Seeing the numeric decline in our congregations can be extremely painful. Proverbs and Luke's Gospel remind us that the person and the community are always on a pilgrimage. These are not our high ideals and expectations that define reality but always God's generous Providence. Being unfinished can be God's glory, precisely because it shatters the dream that it is we who are the source of life and who can 'create' the otherwise rightly desired growth and rebirth.
Cranmer's masterful composition makes us realise that this is time for moral growth (through effort). This is also a time for full reliance on external life (as little flock). And the middle way of the pendulum between the two is when we will start to speak, judge, and reflect freely. This is when "the Holy Ghost shall teach you in the same hour what ye ought to say." For this 'hour of the Holy Spirit' is worth working and waiting.


2015. október 25., vasárnap

A definition of being a Christian in the age to come


"I will send famine upon it, and will cut off man and beast from it." (Ezekiel 14)

Ezekiel's words can be read as "spiritual hunger" sent upon our culture. A community, which does not live up to its true potentials, necessarily ends up in "famine". That is, several aspects of its life can end up as futile, even self-harming.

God, even in these circumstances, creates a community, when people wait patiently and make a genuine attempt to re-focus their hearts. "Yet, behold, therein shall be left a remnant that shall be brought forth, both sons and daughters... and they shall comfort you, when ye see their doings: and ye shall know that I have not done without cause all that I have done in it, saith the Lord." (Ezekiel 14)

Thus, when "word goes through the land" (when violence and endless wars spread worldwide), we are called to contemplate the "writing of God" amongst us. That is, how he has already started planting eternal peace in our yearning hearts.

This dignity of the "holy remnants" (their responsible preparation for the future) is shown in Luke's Gospel. God, who invited the powerful to the wedding feast, and who failed in living up to their potentials, now invites the "blind", the seemingly powerless. This blindness shall prove to be the clearest sight of grace, very soon.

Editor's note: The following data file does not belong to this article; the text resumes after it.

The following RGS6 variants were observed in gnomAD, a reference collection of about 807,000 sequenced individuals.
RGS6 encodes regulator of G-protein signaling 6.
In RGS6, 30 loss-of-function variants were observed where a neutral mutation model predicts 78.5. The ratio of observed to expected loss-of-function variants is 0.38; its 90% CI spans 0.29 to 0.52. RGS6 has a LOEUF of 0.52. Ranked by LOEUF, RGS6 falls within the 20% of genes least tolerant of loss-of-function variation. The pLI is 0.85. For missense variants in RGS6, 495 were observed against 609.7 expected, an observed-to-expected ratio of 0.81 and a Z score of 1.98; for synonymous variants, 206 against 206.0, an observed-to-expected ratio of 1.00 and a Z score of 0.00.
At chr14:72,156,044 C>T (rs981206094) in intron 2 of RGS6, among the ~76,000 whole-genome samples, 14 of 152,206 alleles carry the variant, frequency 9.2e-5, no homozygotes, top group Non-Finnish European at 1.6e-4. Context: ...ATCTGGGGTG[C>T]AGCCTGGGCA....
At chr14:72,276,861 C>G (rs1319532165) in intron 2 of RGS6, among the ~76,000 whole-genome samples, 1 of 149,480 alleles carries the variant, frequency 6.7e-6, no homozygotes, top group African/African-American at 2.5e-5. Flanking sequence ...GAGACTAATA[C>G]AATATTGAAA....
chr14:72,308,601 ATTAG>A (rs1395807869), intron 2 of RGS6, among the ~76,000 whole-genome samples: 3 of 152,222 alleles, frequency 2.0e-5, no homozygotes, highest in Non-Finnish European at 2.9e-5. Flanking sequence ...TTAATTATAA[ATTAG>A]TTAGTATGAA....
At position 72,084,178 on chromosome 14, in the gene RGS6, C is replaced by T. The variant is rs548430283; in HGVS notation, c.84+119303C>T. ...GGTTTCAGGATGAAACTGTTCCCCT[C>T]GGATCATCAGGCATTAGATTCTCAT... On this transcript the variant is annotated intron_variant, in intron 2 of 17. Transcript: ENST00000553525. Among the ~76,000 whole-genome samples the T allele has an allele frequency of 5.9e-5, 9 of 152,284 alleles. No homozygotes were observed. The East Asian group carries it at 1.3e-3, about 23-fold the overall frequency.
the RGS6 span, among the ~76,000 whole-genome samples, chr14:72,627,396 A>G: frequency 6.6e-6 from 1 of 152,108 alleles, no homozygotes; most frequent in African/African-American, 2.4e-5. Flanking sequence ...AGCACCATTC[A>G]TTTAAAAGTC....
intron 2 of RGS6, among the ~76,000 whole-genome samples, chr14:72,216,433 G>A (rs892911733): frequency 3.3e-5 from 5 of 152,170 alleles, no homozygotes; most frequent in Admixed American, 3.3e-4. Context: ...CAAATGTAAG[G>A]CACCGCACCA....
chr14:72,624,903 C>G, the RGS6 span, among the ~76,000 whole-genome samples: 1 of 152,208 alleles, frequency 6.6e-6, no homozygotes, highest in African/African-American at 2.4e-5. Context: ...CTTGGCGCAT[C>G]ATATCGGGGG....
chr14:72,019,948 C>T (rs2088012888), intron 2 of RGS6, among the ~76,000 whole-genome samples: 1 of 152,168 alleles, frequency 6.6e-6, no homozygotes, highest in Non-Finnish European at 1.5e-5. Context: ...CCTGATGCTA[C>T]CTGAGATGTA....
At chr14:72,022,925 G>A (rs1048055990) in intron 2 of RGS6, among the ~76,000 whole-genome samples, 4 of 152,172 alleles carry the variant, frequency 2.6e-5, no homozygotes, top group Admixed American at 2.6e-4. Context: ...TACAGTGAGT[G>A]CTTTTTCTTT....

2015. október 24., szombat

Becoming full of light

"The wicked desireth the net of evil men: but the root of the righteous yieldeth fruit. The wicked is snared by the transgression of his lips..." (Proverbs 12:12-13)

"No man, when he hath lighted a candle, putteth it in a secret place, neither under a bushel, but on a candlestick, that they which come in may see the light." (Lk 11:33)

"But woe unto you, Pharisees!... Woe unto you, lawyers! for ye have taken away the key of knowledge: ye entered not in yourselves, and them that were entering in ye hindered. And as he said these things unto them, the scribes and the Pharisees began to urge him vehemently and to provoke him to speak of many things: laying wait for him, and seeking to catch something out of his mouth, that they might accuse him." (Lk 11:42.52-53)

One cannot but admire Cranmer's inspired paring of the old- and new-testament readings of the morning and evening prayers in the Book of Common prayer. After the past few months' wrestling 'with the issues of global history' − in the book of Kings and Judges − now there is a shift to the 'personal'. Earlier we focused on the struggles of the people of Israel to keep God's commandments and not let themselves be diverted from the Covenant by political powers. Now Proverbs brings to focus the state of mind of the individual. The underlying conviction seems to be that it is not only history which affects how individuals feel and think. The brave suggestion is that our union with 'Wisdom' is always retroactive. Step by step, through the inner peace which the contemplation of Truth creates, we can regain mastery over our history. And finally, we can alter its course. Proverbs pronounces also a judgment. We must face our personal involvement; our complicity, contribution and accountability.
Jesus in Luke's Gospel addresses the 'collective' and the personal levels at the same time. A whole generation can lose its ability to see and speak "wisely". No wonder that our present history exhibits the most shocking dead ends. Wars, the inability to reconcile and create peace are constant markers of our derailed journey. Contemplating the 'inner Light' is made a central task by Jesus. "The lighted candle has to be put on a candlestick, that they which come in may see the light." Our passage insinuates the healing power of contemplating the Light. It is through internalising this 'wisdom' that alone can heal the 'outside world'. (The Saturday Eucharistic Exposition, Adoration and Benediction at St Mary's is a genuine experience of being lead by the "Light of the world". Our global history, through our hearts, can anticipate when the "body, having no part dark, the whole shall be full of light".)
However, the Gospel passage ends with a sobering realism. The conflict between Jesus and the Pharisees and layers (the cocksure experts of the world's ways) shows that pointing out our blindness provokes a fierce resistance. Any correction of direction which may alter the inertia of history (personal and collective) is more than a laborious work.

2015. október 23., péntek

God in the Mirror/Moment


"Come, eat of my bread, and drink of the wine which I have mingled. Forsake the foolish, and live....Rebuke a wise man, and he will love thee. Give instruction to a wise man, and he will be yet wiser: teach a just man and he will increase in learning." (Proverbs 9:5-6.8-9)